K5.2: Routing Algorithms and Algorithms for Lifetime-Optimization in Complex Sensor-Actuator-Networks
We want to investigate various algorithmic aspects of sensor-actuator networks within the scope of subproject K5. Our main focus is on algorithms that help to minimize the energy consumption of sensor-networks. Generation and storage of energy is still not solved efficently on a small scale such as on a sensor node. Thus, we have to treat the available energy as a scarce resource and try to optimize the usage of the remaining energy to extend the lifetime of the network for as long as possible.
With in this large topic we have selected two sub-topics that we will investigate more thoroughly in the next years, lifetime optimization and routing.
Lifetime Optimization. The nodes of a sensor-network perform their task alone or in concert with other nodes. Usually, not all nodes are required to be active all the time. Therefore, it is reasonable to provide an individual operation schedule for each node. Thus, while still retaining the full functionality of the sensor network, its energy consumption can be minimized, or in other words, the lifetime of the network can be maximized.
Routing. Communication between sensor nodes is one of the most energy-consuming activities of a sensor-actuator-network. Thus, it is important to use preferably short and energy-efficient transmission paths for the sensor messages. But one has also to guarantee that no single node is overstressed when compared to the others. Furthermore, the ensuing communication patterns are usually application-dependent. Thus, they should also be taken into account when designing a communication structure.
A fast adaptability to changing topologies (i.e. nodes break done or move) and a distributed planning of activities are of great importance for almost all aspects of sensor-actuator-networks. Both are desirable properties that usually do not arise in classic scenarios or are only of little importance there. Thus, they have to be newly developed for our needs.
State of the Art
There already exists a lot of work in the field of sensor scheduling and routing with focus on energy-efficiency and therefore with the goal to optimize the lifetime of sensor networks. Most often the presented algorithms either are ad-hoc solutions, that have only been evaluated empirically without any theoretical guarantees or they are purley theoretical works, that base their solutions on models that are to simple to function in real-world scenarios. This lack of overlap between theory and practice can be found throughout this entire field of research.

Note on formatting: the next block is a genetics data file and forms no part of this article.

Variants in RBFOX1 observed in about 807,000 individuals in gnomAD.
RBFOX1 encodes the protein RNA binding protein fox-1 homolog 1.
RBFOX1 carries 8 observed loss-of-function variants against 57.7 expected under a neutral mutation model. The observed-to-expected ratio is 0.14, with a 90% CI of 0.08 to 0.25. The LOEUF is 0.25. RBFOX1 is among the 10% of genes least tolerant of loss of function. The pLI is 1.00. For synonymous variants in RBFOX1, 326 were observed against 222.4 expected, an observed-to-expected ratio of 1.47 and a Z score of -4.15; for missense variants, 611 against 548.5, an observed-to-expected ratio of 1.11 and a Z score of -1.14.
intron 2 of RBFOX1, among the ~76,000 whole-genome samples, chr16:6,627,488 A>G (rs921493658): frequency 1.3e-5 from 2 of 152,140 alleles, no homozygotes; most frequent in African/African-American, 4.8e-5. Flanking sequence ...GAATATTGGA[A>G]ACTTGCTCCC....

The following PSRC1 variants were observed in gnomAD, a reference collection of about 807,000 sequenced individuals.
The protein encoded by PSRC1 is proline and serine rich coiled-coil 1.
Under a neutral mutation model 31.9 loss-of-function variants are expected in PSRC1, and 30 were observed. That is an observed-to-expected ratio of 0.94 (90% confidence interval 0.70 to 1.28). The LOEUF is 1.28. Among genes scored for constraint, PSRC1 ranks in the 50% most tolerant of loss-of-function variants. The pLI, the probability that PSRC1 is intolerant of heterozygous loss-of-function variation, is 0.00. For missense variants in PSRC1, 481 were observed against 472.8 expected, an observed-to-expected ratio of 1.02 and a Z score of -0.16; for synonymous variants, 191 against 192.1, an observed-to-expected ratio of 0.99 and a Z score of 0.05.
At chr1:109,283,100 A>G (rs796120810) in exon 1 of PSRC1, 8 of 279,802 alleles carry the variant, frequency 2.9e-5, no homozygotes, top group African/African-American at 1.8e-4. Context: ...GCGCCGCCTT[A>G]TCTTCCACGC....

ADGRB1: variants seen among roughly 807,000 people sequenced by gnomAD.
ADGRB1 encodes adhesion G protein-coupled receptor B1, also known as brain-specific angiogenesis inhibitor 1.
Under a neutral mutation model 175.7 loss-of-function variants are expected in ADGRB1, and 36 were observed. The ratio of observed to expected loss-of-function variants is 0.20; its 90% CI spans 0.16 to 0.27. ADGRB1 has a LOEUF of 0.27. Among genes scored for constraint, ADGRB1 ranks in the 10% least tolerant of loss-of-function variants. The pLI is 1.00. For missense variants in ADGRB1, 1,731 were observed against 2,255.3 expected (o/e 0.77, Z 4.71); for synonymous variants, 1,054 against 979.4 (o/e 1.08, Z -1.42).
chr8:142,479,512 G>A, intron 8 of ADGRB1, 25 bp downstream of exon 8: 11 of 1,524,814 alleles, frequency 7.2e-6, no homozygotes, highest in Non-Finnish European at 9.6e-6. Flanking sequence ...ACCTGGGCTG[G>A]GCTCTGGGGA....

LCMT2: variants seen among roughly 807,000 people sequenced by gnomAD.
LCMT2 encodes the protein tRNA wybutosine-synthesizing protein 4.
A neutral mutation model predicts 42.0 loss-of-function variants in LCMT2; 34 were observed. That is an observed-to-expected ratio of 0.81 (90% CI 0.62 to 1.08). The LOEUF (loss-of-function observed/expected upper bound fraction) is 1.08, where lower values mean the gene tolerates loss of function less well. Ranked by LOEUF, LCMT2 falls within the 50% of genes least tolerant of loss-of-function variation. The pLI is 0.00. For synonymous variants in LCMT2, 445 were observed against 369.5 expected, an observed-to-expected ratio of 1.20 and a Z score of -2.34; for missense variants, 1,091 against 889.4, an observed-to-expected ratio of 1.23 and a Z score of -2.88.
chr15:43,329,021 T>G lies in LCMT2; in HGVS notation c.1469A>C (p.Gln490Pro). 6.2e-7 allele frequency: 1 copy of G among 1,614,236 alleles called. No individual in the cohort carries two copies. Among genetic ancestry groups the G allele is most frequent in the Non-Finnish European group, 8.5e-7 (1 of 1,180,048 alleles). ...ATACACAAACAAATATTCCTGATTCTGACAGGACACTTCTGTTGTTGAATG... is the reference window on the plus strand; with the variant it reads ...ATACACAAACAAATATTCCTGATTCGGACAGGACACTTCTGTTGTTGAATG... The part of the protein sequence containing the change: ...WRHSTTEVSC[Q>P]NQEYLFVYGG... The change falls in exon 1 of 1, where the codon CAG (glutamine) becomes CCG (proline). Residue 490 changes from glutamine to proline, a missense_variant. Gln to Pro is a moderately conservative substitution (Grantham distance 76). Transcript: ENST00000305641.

Theoretical research on optimizing the lifetime of sensor networks used for area monitoring has beeen done e.g. by Calinescu et al.. The problem is formulated as linear program and an approximation algorithm is given. Unfortunately there are no general complexity analyses. Only Cardei et al. proved the NP-hardness for a special case of this covering problem. Most of these works only apply a very simple unit-disc-model to describe the network topology, which is required e.g. as basis for routing algorithms. This very abstract model but also more realistic models can only describe the chaotic conditions of reality very insufficiently. But there also exist interesting algorithms that do not need any initial assumptions on the network topology. Here, we refer to the routing algorithm GLIDER. This algorithm is very interesting, since it takes approaches from classic routing algorithms like landmarks and hierarchies and adapts them for sensor networks.
To shorten the gap between theory and practice, there are several sophisticated simulators (ns-2) and emulators (CMUlab) that can be used by the community to analyse their proposed algorithms. These applications cannot entirely replace a real testbed, but they can provide realistic results for a lot of applications.
The research in this subproject concentrates on algorithms for lifetime optimization of sensor networks and on algorithms for routing in these networks. Several use-case scenarios will be identified and analyzed for both topics. We aim at evaluating and improving existing solutions as well as developting new and innovative algorithms. We want to develop efficient algorithms that provide good theoretical performance guarantees. Furthermore, we want to provide robust algorithms for real or at least for realistic scenarios that not only provide good results on a simplified simulator.
The realization of these goals involves the development of adequate models and the mathematical formulation and complexity analysis of the studied problems. Starting from the theoretical results, algorithms for finding exact or approximative solutions with good performance guarantees will be developed according to the methods of algorithm engineering. We will focus on both, centralized and distributed algorithms. The solutions are to be evaluated theoretically and in experiments.